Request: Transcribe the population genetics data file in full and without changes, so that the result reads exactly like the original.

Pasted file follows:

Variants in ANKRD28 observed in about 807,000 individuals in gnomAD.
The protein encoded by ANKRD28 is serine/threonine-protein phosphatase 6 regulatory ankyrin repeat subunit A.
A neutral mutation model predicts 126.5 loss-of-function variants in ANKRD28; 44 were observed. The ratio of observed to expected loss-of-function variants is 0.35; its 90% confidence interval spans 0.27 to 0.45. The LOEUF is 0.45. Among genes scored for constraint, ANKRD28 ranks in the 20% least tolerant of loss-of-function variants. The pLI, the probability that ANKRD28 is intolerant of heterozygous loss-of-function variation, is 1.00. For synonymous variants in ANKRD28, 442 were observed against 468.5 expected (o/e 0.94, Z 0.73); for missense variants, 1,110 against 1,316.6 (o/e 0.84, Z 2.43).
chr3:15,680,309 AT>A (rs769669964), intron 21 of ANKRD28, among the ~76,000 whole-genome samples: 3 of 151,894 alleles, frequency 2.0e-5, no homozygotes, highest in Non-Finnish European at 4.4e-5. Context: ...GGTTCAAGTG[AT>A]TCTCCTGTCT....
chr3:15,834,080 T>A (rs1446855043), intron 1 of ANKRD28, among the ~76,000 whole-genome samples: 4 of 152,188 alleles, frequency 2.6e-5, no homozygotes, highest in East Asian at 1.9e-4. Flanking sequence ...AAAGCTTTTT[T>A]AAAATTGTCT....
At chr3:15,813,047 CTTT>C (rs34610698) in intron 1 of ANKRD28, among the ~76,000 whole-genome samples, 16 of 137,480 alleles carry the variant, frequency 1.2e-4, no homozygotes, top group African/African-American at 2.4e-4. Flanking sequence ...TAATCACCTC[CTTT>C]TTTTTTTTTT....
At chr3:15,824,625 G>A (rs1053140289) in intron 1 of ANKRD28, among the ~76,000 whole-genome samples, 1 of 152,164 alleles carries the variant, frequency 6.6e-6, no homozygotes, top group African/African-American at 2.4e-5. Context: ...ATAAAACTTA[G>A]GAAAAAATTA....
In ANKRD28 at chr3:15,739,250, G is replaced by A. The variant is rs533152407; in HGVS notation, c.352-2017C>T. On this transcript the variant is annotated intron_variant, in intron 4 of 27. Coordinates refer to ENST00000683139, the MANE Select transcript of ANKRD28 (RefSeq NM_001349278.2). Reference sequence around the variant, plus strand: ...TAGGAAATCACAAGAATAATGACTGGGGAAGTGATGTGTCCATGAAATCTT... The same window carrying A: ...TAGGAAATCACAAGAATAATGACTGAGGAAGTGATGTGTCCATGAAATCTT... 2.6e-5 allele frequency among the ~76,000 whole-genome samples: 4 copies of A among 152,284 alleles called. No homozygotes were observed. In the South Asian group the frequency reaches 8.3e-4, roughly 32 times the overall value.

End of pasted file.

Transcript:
Variants in ANKRD28 observed in about 807,000 individuals in gnomAD.
The protein encoded by ANKRD28 is serine/threonine-protein phosphatase 6 regulatory ankyrin repeat subunit A.
A neutral mutation model predicts 126.5 loss-of-function variants in ANKRD28; 44 were observed. The ratio of observed to expected loss-of-function variants is 0.35; its 90% confidence interval spans 0.27 to 0.45. The LOEUF is 0.45. Among genes scored for constraint, ANKRD28 ranks in the 20% least tolerant of loss-of-function variants. The pLI, the probability that ANKRD28 is intolerant of heterozygous loss-of-function variation, is 1.00. For synonymous variants in ANKRD28, 442 were observed against 468.5 expected (o/e 0.94, Z 0.73); for missense variants, 1,110 against 1,316.6 (o/e 0.84, Z 2.43).
chr3:15,680,309 AT>A (rs769669964), intron 21 of ANKRD28, among the ~76,000 whole-genome samples: 3 of 151,894 alleles, frequency 2.0e-5, no homozygotes, highest in Non-Finnish European at 4.4e-5. Context: ...GGTTCAAGTG[AT>A]TCTCCTGTCT....
chr3:15,834,080 T>A (rs1446855043), intron 1 of ANKRD28, among the ~76,000 whole-genome samples: 4 of 152,188 alleles, frequency 2.6e-5, no homozygotes, highest in East Asian at 1.9e-4. Flanking sequence ...AAAGCTTTTT[T>A]AAAATTGTCT....
At chr3:15,813,047 CTTT>C (rs34610698) in intron 1 of ANKRD28, among the ~76,000 whole-genome samples, 16 of 137,480 alleles carry the variant, frequency 1.2e-4, no homozygotes, top group African/African-American at 2.4e-4. Flanking sequence ...TAATCACCTC[CTTT>C]TTTTTTTTTT....
At chr3:15,824,625 G>A (rs1053140289) in intron 1 of ANKRD28, among the ~76,000 whole-genome samples, 1 of 152,164 alleles carries the variant, frequency 6.6e-6, no homozygotes, top group African/African-American at 2.4e-5. Context: ...ATAAAACTTA[G>A]GAAAAAATTA....
In ANKRD28 at chr3:15,739,250, G is replaced by A. The variant is rs533152407; in HGVS notation, c.352-2017C>T. On this transcript the variant is annotated intron_variant, in intron 4 of 27. Coordinates refer to ENST00000683139, the MANE Select transcript of ANKRD28 (RefSeq NM_001349278.2). Reference sequence around the variant, plus strand: ...TAGGAAATCACAAGAATAATGACTGGGGAAGTGATGTGTCCATGAAATCTT... The same window carrying A: ...TAGGAAATCACAAGAATAATGACTGAGGAAGTGATGTGTCCATGAAATCTT... 2.6e-5 allele frequency among the ~76,000 whole-genome samples: 4 copies of A among 152,284 alleles called. No homozygotes were observed. In the South Asian group the frequency reaches 8.3e-4, roughly 32 times the overall value.